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Ngā whatunga kākāriki-kahurangi

Blue-green networks

Blue-green networks help to keep our communities safe during severe weather events.

Blue-green networks explained

A blue-green network is a system of waterways (blue) and parks (green) that:

  • give stormwater space to flow
  • help reduce flooding where people live.

What we want to do

Following the severe weather in Auckland in early 2023, we are considering how we interact with water in our populated neighbourhoods. Creating more blue-green networks in suitable locations can make our communities safer.

As part of our Making Space for Water 10-year flood mitigation programme, we identified 12 potential areas around the region that could most benefit from blue-green networks..

How blue-green networks work

In dry weather the community can enjoy these parks. During storms the parks may flood, moving water away from and reducing flooding on private property.

Watch our video that explains blue-green networks.


Read the video transcript.

Current blue-green networks

Blue-green networks already exist in the region and are helping to manage stormwater during severe weather events.

Examples include:

  • Awakeri Wetlands
  • Hobsonville Point
  • Long Bay
  • Greenslade Reserve
  • Te Auanga / Oakley Creek
  • Taiaotea Creek
  • Waiatarua wetlands
  • Taniwha Reserve
  • Puhinui Stream
  • Project Twin Streams.

​Potential new blue-green network locations

This map shows where we are considering blue-green networks.

Some projects may not proceed and could be replaced by different areas as we learn more.

​We are initially focusing on four areas:

  • Te Auaunga Stage 2 in Mt Roskill
  • Waimoko and Opanuku streams in Henderson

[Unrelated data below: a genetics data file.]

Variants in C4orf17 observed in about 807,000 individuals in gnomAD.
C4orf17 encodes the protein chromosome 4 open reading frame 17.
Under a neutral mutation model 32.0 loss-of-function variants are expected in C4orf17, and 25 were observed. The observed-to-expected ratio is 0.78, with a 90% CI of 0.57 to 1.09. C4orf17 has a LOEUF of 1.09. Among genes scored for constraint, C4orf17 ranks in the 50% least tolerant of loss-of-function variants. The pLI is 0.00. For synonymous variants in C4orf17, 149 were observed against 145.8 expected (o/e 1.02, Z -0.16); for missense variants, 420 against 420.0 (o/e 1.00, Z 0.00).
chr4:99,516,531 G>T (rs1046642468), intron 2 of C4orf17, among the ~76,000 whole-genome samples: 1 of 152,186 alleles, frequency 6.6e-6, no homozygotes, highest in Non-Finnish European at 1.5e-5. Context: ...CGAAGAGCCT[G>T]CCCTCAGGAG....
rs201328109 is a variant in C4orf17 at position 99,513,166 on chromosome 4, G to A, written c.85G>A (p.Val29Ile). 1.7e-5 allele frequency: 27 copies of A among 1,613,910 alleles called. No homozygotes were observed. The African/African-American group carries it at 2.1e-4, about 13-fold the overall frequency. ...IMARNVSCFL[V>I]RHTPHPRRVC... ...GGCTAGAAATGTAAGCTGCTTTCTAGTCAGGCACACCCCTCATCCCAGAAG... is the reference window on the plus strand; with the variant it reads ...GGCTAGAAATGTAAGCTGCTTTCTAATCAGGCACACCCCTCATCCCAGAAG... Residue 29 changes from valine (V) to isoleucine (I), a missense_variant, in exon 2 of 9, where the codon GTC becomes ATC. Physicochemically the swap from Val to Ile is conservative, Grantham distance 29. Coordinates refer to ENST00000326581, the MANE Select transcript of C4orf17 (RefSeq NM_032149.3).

• Te Ararata Creek in Māngere
  • Wairau Creek in Wairau Valley.

We will examine the eight other areas in the first half of 2024. All 12 projects cannot happen at the same time. The work is complex and requires a lot of resources and funding.

Reduce further risk to properties

Blue-green networks are related to the Category 3 buy-out proposal organised by the Recovery Office. This process will help move people from properties where there is an intolerable risk to life.

Blue-green networks will likely be built around Category 3 properties where communities will benefit the most.

Funding and buy-outs will determine where and how many blue-green networks can be built.

Next steps

The consultation to approve and fund blue-green networks will happen during the long-term plan consultation process that opens from 28 February to 28 March 2024.

We are engaging with mana whenua, local boards and key stakeholders in the four initial project areas to establish working groups.

We are also working alongside mana whenua to develop a framework (He Ara) for achieving our commitment to Maori outcomes.

We aim to consult with local boards and affected communities for all 12 areas by July 2024.

Construction of some blue-green projects will likely begin in 2026, with the aim of completing them over the following 10 years.

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